This is Nolitha Fakude’s prepared address given at the launch of Minerals Council’s National Day of Women in Mining.
MINING plays a critical role in South Africa’s economy. In 2019, the industry contributed R24.3bn in taxes and almost R361bn to our GDP. We were accounted for around 450,000 direct jobs, and countless more downstream ones.
We see it as an industry with vast future potential, but this potential is only going to be realised if we take real, meaningful action to make it a truly diverse and inclusive industry.
This means that we need to “walk the talk” and drive this imperative from the top, and throughout our industry.
There are moral and regulatory imperatives to advancing women in mining.
But there is an even more important point: if women – who account for half the world’s working-age population and over 51% of South Africa’s population – do not achieve their full potential, South Africa’s mining industry will not thrive. When we bring in people with different skills and abilities to make a positive contribution, we get the best outcomes for the industry and South Africa’s economy.
We need to make the industry more attractive to women. The fact that the vast majority of women graduating from mining engineering facilities – up to 50% of some graduating classes – do not feed through into mining industry is incredibly worrying.
It says to me that these (mainly young) women train for our industry, but once they’ve seen the realities of it, look for any other career option where they can exercise their considerable talents. It’s a huge loss. It means we do not have the incoming cohorts of women who, given support and time and mentoring become our leadership pipeline, our specialist pipeline. It means we will simply never have enough women in the industry. It becomes a self-fulfilling prophecy.
And it’s a self-destructive prophecy too. There is a stubborn myth that women are less ambitious than men. This false claim rests on the idea that with age and the prospect of family life, women lower their career goals – as compared to men. This is far from true. The reality is that women start their careers with just as much ambition as men. The perceived “ambition gap” is a function of the culture we foster in the workplace.
It is only when we, as leaders, create a positive culture that drives wide-ranging changes in attitudes regarding gender equality, that more women will take up their rightful place in the mining industry.
My experience as a leader in business over the past three decades has taught me that women’s aspirations aren’t secondary to those of men. Women can take up specialist roles in any part of the mining value-chain, while also aspiring to leadership roles.
A wide range of global studies show that the more diverse and inclusive a company is, the more successful it is likely to be – in terms of productivity, workplace culture, safety and health, and especially in terms of profitability. Quite simply – more diverse companies, are more profitable and sustainable in the long run.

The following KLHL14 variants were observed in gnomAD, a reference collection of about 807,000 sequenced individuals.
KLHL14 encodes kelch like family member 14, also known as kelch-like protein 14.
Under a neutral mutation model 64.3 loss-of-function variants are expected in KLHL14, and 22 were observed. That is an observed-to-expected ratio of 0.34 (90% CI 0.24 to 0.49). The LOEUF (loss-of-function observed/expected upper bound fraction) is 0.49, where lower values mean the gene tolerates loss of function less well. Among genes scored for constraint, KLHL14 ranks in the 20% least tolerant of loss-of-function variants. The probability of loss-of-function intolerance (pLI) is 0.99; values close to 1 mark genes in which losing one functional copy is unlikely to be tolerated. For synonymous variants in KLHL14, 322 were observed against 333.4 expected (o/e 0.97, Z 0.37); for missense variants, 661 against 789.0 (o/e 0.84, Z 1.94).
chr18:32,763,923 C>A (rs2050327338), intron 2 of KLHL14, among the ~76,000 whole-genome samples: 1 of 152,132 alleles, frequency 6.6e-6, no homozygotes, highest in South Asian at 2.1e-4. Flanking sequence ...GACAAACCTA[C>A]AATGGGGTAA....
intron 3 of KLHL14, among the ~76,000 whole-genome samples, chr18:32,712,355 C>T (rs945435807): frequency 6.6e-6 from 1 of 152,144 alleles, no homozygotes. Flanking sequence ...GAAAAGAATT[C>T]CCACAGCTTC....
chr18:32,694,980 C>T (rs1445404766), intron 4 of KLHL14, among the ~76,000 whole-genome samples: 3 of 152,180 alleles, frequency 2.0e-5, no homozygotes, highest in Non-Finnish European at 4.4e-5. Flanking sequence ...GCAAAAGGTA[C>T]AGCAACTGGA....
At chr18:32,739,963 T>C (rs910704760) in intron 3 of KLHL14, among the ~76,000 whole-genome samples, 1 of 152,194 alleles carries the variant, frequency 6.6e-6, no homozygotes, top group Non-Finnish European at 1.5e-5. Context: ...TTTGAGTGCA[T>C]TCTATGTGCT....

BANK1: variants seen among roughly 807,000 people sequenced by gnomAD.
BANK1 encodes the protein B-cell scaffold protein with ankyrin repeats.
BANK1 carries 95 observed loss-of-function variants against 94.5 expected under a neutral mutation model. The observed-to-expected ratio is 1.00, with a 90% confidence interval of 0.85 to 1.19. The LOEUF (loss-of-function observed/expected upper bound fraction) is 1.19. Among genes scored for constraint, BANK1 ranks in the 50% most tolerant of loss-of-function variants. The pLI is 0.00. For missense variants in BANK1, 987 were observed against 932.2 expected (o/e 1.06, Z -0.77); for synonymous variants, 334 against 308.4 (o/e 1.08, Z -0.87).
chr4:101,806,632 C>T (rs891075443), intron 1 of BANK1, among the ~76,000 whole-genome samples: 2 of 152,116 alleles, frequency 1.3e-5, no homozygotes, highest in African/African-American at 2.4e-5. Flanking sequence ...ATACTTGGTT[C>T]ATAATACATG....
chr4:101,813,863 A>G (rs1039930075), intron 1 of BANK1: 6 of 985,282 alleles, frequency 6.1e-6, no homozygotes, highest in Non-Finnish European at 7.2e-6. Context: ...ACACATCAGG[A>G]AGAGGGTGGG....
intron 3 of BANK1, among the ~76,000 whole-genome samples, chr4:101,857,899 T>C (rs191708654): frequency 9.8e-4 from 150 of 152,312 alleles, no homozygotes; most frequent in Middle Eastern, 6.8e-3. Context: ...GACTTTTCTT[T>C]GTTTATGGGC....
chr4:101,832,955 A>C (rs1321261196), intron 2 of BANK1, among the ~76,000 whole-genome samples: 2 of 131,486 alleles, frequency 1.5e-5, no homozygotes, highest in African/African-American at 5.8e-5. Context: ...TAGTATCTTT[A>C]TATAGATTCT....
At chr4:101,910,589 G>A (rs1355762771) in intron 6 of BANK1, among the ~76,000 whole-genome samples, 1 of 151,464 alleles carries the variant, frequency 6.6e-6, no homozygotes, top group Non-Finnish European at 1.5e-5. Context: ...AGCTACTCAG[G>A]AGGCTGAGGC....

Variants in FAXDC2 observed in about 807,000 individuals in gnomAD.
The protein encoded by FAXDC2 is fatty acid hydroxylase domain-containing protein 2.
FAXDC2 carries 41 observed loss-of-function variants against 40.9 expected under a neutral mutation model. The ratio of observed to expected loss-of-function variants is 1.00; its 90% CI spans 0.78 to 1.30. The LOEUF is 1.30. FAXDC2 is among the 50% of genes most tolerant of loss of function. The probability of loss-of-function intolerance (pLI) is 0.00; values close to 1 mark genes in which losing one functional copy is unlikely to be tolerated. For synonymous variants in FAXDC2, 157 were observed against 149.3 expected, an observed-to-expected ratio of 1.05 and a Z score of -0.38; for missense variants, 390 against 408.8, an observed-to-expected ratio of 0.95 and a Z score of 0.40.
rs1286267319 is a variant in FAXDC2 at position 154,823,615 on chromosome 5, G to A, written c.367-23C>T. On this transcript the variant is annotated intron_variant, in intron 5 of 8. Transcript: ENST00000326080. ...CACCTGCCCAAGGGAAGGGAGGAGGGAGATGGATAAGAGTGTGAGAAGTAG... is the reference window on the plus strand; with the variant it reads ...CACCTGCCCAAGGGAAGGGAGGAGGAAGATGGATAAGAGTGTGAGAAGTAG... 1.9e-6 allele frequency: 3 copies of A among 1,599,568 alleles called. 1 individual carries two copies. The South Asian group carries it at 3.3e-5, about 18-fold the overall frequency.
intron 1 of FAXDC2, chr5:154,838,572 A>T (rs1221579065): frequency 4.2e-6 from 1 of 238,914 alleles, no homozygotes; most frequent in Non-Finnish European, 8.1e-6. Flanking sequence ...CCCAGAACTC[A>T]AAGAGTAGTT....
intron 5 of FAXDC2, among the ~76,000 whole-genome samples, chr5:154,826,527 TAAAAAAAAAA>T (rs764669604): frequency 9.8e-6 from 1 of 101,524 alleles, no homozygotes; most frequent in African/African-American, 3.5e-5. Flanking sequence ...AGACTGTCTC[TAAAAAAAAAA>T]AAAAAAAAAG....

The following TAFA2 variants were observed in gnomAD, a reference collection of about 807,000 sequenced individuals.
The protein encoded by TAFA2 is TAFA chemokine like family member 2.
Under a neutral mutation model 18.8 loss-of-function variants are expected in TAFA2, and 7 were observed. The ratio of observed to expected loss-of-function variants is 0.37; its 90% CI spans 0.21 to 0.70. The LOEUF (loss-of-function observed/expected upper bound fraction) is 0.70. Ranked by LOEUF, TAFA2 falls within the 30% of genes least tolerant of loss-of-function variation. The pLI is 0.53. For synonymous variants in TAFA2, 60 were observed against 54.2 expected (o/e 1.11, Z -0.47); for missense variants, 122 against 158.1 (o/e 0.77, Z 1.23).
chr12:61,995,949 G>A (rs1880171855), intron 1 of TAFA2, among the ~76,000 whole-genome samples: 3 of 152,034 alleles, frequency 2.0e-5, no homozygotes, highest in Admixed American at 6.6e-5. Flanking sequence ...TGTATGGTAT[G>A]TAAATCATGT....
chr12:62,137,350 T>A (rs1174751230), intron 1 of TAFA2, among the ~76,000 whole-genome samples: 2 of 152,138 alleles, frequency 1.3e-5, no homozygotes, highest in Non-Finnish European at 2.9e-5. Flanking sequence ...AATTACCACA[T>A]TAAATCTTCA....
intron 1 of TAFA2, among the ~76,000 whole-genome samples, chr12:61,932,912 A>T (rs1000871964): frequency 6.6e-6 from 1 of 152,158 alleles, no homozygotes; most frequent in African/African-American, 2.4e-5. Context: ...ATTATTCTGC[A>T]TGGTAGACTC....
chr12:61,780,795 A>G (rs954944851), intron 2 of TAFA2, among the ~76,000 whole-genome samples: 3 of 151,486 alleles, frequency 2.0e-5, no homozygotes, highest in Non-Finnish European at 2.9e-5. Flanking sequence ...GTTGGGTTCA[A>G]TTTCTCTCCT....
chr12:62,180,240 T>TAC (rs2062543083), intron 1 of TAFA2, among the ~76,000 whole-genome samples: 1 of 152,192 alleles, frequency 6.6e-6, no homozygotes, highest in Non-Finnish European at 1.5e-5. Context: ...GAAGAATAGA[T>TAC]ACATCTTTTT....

We also know that businesses with more women employees are also likely to be more resilient in the face of a crisis and more collaborative as they work to reach their targets.
We know that kicking off a new initiative in the middle of a global pandemic might be considered strange, and our timing was seen as less-than-ideal – but we disagree.
This is a critical moment – one where we can identify opportunities and embed a commitment to work towards ambitious targets.
At a time when what we see as normal in every aspect of our lives has been disrupted and fractured, there may never be a better time to challenge the status quo that exists – in society as a whole, and our industry.
We have seen the impact of Covid-19 disproportionately affecting women – their jobs are typically more precarious than men’s, and they tend to assume the greater burden of family duties. But, herein lies great opportunity too.
In a post-COVID-19 environment, we will be seeing workplaces changing to accommodate greater flexibility, social distancing and increased modernisation. These present opportunities for increasing workplace diversity.
I want to highlight the Minerals Councils targets for Women in Mining. These go above and beyond what is laid out in the current iteration of the Mining Charter. They are stretched targets, that we will hold ourselves and our members accountable to.
We want to see women making up more than 40% of the workforce and 50% of management, by 2035.
We are committed to getting the basics rights from the actionable targets we have set for ourselves that go beyond compliance, to insisting that all Minerals Council affiliated companies are held accountable for making this a reality.
We have an opportunity to open the mining industry to many more women so that the industry can thrive. With the commitments we’re making today, I don’t doubt that it is achievable!
Nolitha Fakude is a Minerals Council vice-president and Chair of the Women in Mining Leadership Forum. She is chairperson of Anglo American South Africa.